Tuesday, February 13, 2007

Say That Again?

Last Thursday Ian and I went to the Seattle Cancer Care Alliance for my post-surgical check-up with the oncologist. As I’ve chosen, this go-around, to behave non-traditionally in terms of my care, it wasn’t clear that this appointment was going to be much more than jumping through a hoop, particularly because of my current oncologist situation.

If you’ll remember, my previous oncologist, the one that I had for about 7 years, from June 1999 through the end of May 2006 (okay, that really is exactly 7 years), left Seattle at the end of my maintenance treatments for the infinitely warmer and dryer climes of Tucson, Arizona. My new oncologist, whom I met for the first time in October, right about the time I started having panic attacks, went on maternity leave virtually as soon as she delivered my new diagnosis. She seemed very nice, and more or less willing to not argue with me about seeing a naturopath (she even referred to herself as an allopath, which is a term I’d only seen applied when referring to “the other”) . . . but I can’t say we had time to develop much of a relationship. She’s still on leave (until a week before we take off for New Zealand so I probably won’t see her again), so the oncologist who saw me for my check-up was almost completely unknown to me.

He came in briskly, a man of a type I’m particularly familiar with, in his sixties, looking much like Marsh and much like Ian’s dad, not too tall, with a gray and white beard and a fringe of matching hair. He looked like the kind of doctor who expected his word—however kindly delivered—to be law, and who went home comfortably at the end of the day to his suede-elbow-patched tweed jacket, fireplace, and pipe.

“Why do you have such an enormous file?” he asked, plunking two thick binders on the desk in the examination room.

“Oh, this wasn’t the first time for me,” I said casually. “It’s been several years.”

“Have we met before?”

“Only briefly, for about five minutes last fall. I had a waiting room full of friends in town for another friend’s wedding, and we were late for lunch.”

“Ah, yes. Well, let me take a minute here to catch up . . .”

He proceeded to pull up my recent files on the computer, and Ian and I read over his shoulder as much as we could. It seems that lots has been written about me, which I find warmly comforting. My surgeon’s report in particular was pleasing: “Calin is 34 years old,” it began. “She is delightful.”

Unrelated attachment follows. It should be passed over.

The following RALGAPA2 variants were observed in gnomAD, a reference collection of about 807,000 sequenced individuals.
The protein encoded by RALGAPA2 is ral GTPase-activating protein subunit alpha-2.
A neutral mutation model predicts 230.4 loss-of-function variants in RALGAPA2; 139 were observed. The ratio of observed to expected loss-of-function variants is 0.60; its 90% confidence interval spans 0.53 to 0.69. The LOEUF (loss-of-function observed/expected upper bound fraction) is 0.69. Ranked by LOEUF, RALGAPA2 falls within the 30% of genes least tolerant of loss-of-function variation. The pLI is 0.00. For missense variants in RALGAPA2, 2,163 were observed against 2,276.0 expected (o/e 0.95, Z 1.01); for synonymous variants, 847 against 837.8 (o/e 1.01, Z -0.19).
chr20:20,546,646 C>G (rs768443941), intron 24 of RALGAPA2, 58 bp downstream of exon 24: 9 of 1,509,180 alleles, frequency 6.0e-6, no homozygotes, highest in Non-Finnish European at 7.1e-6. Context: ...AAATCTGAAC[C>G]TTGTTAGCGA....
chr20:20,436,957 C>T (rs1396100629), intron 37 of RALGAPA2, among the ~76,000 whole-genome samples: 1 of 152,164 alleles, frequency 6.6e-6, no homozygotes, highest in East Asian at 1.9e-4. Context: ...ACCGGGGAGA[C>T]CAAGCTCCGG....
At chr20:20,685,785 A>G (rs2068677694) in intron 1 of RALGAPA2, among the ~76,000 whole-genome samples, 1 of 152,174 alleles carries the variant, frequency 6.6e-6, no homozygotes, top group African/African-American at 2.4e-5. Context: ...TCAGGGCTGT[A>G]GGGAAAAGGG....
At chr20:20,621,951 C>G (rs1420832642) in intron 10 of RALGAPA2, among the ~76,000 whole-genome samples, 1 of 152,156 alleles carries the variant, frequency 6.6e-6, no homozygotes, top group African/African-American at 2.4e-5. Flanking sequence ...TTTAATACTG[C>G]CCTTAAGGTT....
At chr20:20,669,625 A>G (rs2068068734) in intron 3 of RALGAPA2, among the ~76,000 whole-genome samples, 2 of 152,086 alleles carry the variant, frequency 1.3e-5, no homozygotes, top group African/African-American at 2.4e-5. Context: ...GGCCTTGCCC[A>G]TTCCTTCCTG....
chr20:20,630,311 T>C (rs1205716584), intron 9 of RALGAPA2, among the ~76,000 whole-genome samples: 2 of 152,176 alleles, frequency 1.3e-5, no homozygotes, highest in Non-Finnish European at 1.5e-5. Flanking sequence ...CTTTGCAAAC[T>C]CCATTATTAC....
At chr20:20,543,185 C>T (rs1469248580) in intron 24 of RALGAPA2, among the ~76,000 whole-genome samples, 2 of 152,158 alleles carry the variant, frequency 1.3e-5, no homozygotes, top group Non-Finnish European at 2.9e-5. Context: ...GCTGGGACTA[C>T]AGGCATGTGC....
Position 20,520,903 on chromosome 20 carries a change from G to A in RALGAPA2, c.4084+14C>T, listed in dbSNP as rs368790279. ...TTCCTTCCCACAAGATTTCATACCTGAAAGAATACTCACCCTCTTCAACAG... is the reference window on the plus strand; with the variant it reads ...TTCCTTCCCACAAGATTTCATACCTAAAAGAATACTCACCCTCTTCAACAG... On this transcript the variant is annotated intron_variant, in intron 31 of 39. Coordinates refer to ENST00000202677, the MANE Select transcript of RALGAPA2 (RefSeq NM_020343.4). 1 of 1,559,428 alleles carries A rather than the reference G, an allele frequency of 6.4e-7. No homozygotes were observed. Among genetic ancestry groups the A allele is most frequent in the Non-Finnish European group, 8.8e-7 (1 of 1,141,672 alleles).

After a few minutes of scanning, the doctor was evidently able to come to the conclusion (which was correct) that I had not yet met with a radiation oncologist, even though it had been recommended that I do, and he proceeded to inform me that that was, pretty much, unacceptable.

“I am not asking you to make a choice for radiation,” he said, as I tried uselessly to defend myself. “I’m asking you to make a choice for information. I wouldn’t call you crazy to not meet with a radiation oncologist . . .” he said, leaving us to understand that, in fact, he would.

“Okay,” I said, “I’ll meet with one. You’re right, information is a good thing to have.”

“Excellent. It also says here that your doctor recommended you go back on Herceptin and Zoladex and Letrozole?”

“Yes, she did. And I have chosen not to.”

“What are you doing instead?”

“I’m seeing a naturopath who specializes in homeopathic remedies and herbal cancer treatments.”

“And how do you feel?” he asked.

“I feel great,” I said. “My blood counts, all of them, have normalized since I’ve been seeing him.” I paused. “I feel powerful.”

“Alright.” He paused. “Well then . . . what can we do for you?”

I had a list ready. “I do have three requests. One, I’d like a copy of my mammogram to send to New Zealand with our visa application. Two, I’m supposed to include a specialist report with every medical issue that’s out of the ordinary, and this qualifies. Three, I’d like to get my port out.”